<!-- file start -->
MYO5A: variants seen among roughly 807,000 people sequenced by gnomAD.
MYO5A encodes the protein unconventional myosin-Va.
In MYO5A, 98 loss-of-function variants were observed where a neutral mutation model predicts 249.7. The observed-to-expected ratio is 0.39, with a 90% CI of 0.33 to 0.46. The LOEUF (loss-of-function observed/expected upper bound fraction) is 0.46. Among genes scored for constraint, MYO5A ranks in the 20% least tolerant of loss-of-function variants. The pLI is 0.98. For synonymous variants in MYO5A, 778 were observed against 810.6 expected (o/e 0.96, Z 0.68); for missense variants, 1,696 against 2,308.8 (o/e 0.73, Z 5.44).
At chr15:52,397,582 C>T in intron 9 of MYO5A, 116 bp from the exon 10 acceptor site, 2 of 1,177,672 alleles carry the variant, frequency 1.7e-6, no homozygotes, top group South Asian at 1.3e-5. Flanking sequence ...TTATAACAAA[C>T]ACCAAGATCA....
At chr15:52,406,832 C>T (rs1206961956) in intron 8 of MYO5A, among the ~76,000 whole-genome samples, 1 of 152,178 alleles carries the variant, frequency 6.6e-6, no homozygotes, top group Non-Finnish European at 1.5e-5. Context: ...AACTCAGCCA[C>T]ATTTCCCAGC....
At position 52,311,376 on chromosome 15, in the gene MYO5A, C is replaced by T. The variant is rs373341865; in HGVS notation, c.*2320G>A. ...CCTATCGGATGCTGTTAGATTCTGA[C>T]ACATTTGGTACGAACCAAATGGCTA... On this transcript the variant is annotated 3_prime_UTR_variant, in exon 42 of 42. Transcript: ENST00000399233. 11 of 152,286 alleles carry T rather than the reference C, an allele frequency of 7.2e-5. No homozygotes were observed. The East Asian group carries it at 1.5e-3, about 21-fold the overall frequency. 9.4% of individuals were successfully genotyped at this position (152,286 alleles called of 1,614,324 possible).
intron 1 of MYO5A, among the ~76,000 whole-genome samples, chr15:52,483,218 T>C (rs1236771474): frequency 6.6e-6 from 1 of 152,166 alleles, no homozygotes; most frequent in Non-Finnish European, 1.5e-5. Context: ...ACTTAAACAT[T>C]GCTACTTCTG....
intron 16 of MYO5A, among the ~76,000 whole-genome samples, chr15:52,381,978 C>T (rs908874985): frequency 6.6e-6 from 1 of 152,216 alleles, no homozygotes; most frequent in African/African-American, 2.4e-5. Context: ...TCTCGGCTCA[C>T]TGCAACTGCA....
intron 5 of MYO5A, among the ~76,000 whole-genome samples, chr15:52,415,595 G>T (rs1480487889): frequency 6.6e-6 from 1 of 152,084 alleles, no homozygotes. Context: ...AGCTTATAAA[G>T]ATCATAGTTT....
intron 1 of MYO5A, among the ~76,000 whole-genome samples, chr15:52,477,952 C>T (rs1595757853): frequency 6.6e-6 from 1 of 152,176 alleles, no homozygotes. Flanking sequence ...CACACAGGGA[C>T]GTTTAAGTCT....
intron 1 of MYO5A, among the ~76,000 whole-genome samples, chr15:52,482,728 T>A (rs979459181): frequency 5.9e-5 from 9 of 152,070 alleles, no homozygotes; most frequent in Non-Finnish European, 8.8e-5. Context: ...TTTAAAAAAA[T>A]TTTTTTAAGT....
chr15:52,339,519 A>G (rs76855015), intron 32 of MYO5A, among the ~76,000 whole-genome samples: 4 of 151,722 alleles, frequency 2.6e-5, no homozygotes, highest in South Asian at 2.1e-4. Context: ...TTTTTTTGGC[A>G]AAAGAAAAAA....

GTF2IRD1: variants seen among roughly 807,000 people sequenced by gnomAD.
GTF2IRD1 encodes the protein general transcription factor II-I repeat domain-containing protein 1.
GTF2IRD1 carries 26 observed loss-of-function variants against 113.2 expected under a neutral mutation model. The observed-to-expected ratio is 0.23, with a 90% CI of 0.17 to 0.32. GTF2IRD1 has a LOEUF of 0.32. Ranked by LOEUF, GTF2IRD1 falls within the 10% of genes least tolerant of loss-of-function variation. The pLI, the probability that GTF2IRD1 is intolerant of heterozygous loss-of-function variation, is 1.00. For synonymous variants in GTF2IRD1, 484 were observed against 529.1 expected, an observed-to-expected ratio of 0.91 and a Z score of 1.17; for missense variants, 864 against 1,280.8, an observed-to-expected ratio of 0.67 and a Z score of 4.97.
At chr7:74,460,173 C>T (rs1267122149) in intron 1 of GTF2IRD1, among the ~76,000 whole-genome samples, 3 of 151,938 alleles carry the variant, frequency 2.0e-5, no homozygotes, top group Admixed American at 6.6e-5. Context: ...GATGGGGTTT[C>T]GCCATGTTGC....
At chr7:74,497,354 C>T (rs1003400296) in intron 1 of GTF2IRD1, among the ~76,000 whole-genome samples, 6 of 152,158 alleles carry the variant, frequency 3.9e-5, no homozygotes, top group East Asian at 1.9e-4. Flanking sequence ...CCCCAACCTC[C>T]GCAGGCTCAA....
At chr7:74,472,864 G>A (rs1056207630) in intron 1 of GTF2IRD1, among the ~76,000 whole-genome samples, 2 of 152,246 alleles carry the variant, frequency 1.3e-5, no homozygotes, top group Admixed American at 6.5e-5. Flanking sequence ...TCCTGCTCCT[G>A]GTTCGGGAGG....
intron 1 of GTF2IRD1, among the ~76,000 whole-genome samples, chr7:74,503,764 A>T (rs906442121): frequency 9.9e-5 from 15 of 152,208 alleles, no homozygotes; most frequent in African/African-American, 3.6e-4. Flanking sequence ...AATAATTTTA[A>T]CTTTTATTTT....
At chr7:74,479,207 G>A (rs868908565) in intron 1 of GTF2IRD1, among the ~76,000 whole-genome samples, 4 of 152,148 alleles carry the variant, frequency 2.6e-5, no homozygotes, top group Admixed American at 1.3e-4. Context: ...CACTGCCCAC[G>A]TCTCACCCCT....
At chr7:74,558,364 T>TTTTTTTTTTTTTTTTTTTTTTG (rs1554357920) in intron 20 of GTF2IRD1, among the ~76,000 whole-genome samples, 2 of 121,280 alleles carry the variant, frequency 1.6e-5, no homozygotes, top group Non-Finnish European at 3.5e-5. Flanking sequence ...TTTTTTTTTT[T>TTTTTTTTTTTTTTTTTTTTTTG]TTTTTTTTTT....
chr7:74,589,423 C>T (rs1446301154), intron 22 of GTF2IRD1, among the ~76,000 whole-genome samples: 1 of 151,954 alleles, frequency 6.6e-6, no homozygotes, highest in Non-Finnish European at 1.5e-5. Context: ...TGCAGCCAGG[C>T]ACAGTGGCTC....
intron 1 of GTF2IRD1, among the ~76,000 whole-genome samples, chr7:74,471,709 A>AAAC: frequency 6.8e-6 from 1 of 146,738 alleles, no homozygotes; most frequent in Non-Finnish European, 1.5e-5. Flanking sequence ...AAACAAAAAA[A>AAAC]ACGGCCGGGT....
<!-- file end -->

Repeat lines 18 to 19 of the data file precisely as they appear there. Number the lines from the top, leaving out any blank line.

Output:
At chr7:74,472,864 G>A (rs1056207630) in intron 1 of GTF2IRD1, among the ~76,000 whole-genome samples, 2 of 152,246 alleles carry the variant, frequency 1.3e-5, no homozygotes, top group Admixed American at 6.5e-5. Flanking sequence ...TCCTGCTCCT[G>A]GTTCGGGAGG....
intron 1 of GTF2IRD1, among the ~76,000 whole-genome samples, chr7:74,503,764 A>T (rs906442121): frequency 9.9e-5 from 15 of 152,208 alleles, no homozygotes; most frequent in African/African-American, 3.6e-4. Flanking sequence ...AATAATTTTA[A>T]CTTTTATTTT....